The Justice Department announced yesterday that Medtronic Inc. has agreed to pay the United States $9.9 million to resolve allegations that the company made illegal payments to physicians to induce them to implant Medtronic pacemakers and defibrillators.
Assistant Attorney General Stuart F. Delery of the Civil Division said such “[i]mproper financial incentives have the potential to compromise physician medical judgment.” He said the Justice Department is committed to pursuing medical device manufacturers that use “improper financial relationships” to influence physicians’ treatment decisions.
The United States case alleged that Medtronic “caused false claims to be submitted to Medicare and Medicaid” through the use of illegal kickbacks to induce physicians to implant Medtronic pacemakers and defibrillators. These inducements included paying physicians to speak at events intended to increase referral business; developing marketing/business development plans for physicians at no charge; and providing tickets to sporting events. The Justice Dept. alleged that the Minnesota medical device maker engaged in these practices to sway doctors to continue implanting Medtronic devices or to switch to Medtronic devices from other manufacturer’s products.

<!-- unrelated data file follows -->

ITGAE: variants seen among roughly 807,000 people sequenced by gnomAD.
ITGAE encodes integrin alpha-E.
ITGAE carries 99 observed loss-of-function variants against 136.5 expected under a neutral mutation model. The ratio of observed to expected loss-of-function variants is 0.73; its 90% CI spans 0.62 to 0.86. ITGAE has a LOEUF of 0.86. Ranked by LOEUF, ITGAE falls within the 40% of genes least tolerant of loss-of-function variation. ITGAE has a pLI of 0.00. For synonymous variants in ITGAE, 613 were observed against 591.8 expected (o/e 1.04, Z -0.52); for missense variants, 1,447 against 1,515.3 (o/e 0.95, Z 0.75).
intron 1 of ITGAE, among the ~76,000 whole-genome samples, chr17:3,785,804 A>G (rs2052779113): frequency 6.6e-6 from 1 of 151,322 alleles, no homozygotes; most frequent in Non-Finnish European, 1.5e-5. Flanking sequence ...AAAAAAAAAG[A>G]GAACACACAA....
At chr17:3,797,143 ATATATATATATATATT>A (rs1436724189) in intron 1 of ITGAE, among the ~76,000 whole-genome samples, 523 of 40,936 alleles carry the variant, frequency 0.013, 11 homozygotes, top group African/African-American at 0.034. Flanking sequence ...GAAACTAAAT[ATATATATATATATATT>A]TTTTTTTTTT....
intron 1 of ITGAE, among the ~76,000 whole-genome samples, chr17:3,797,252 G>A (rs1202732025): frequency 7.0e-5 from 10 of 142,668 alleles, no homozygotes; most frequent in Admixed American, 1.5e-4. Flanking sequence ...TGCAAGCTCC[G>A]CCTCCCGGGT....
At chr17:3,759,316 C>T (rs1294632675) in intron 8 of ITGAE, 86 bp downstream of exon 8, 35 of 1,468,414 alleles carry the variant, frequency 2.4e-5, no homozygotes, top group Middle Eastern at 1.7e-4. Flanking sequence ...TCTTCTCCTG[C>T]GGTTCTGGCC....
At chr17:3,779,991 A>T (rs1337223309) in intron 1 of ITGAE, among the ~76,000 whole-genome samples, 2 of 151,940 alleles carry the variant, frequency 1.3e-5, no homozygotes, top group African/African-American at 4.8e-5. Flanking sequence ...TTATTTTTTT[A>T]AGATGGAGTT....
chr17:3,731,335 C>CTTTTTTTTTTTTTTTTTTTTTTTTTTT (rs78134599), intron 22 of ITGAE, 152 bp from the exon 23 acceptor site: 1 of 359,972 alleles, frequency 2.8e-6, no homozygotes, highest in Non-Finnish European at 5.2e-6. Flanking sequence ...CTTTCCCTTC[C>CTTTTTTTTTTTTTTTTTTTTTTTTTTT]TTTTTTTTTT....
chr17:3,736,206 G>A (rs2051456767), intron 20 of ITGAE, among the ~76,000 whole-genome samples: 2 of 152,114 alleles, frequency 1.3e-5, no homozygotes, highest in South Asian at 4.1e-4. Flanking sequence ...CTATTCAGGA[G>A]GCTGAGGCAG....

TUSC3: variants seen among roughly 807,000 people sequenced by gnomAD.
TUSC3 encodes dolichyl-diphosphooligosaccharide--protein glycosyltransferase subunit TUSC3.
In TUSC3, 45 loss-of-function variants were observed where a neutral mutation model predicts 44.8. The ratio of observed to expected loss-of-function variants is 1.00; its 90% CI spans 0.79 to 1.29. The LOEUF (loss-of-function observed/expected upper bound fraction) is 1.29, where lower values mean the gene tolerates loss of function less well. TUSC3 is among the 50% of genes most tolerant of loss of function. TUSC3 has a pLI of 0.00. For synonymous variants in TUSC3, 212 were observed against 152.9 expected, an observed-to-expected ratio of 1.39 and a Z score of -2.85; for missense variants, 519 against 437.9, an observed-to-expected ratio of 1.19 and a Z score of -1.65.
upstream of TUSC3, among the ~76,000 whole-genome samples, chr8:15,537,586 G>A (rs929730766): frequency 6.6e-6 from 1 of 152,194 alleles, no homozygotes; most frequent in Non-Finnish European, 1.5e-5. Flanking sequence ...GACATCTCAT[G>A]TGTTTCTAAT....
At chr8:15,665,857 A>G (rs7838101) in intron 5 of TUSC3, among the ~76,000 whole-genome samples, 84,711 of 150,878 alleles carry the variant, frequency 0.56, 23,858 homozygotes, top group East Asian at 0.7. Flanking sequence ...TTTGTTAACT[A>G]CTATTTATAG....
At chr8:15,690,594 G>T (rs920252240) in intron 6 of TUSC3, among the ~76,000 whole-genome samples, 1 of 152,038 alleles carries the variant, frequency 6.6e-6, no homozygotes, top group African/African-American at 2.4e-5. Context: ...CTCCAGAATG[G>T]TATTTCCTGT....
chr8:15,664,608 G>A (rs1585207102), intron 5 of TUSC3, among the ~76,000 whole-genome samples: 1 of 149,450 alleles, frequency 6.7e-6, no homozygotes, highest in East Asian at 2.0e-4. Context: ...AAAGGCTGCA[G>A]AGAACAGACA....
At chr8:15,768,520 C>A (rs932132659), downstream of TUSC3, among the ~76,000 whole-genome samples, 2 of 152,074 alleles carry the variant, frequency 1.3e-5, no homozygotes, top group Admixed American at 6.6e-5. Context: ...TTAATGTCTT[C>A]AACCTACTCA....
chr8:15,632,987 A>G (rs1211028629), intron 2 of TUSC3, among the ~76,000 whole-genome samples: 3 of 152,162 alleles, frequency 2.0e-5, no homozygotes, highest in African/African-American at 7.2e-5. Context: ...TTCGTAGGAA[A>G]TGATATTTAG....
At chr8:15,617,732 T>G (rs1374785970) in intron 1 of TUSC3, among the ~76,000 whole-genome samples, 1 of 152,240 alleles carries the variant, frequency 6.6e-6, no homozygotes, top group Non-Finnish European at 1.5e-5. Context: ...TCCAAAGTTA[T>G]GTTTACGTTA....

In the Justice Department’s news release, Benjamin Wagner, U.S. Attorney for the Eastern District of California said, “These sorts of improper financial incentives not only undermine the integrity of medical decisions, they also waste taxpayer funds and are unfair to competitors who are trying to play by the rules.”
The settlement stems from a whistleblower complaint filed under the False Claims Act by Adolfo Schroeder, a former Medtronic employee, according to the Justice Department’s news release. The settlement involved a coordinated effort by the Justice Department’s Civil Division; the U.S. Attorney’s Office for the Eastern District of California; and the Office of Inspector General of the U.S. Department of Health and Human Services (HHS).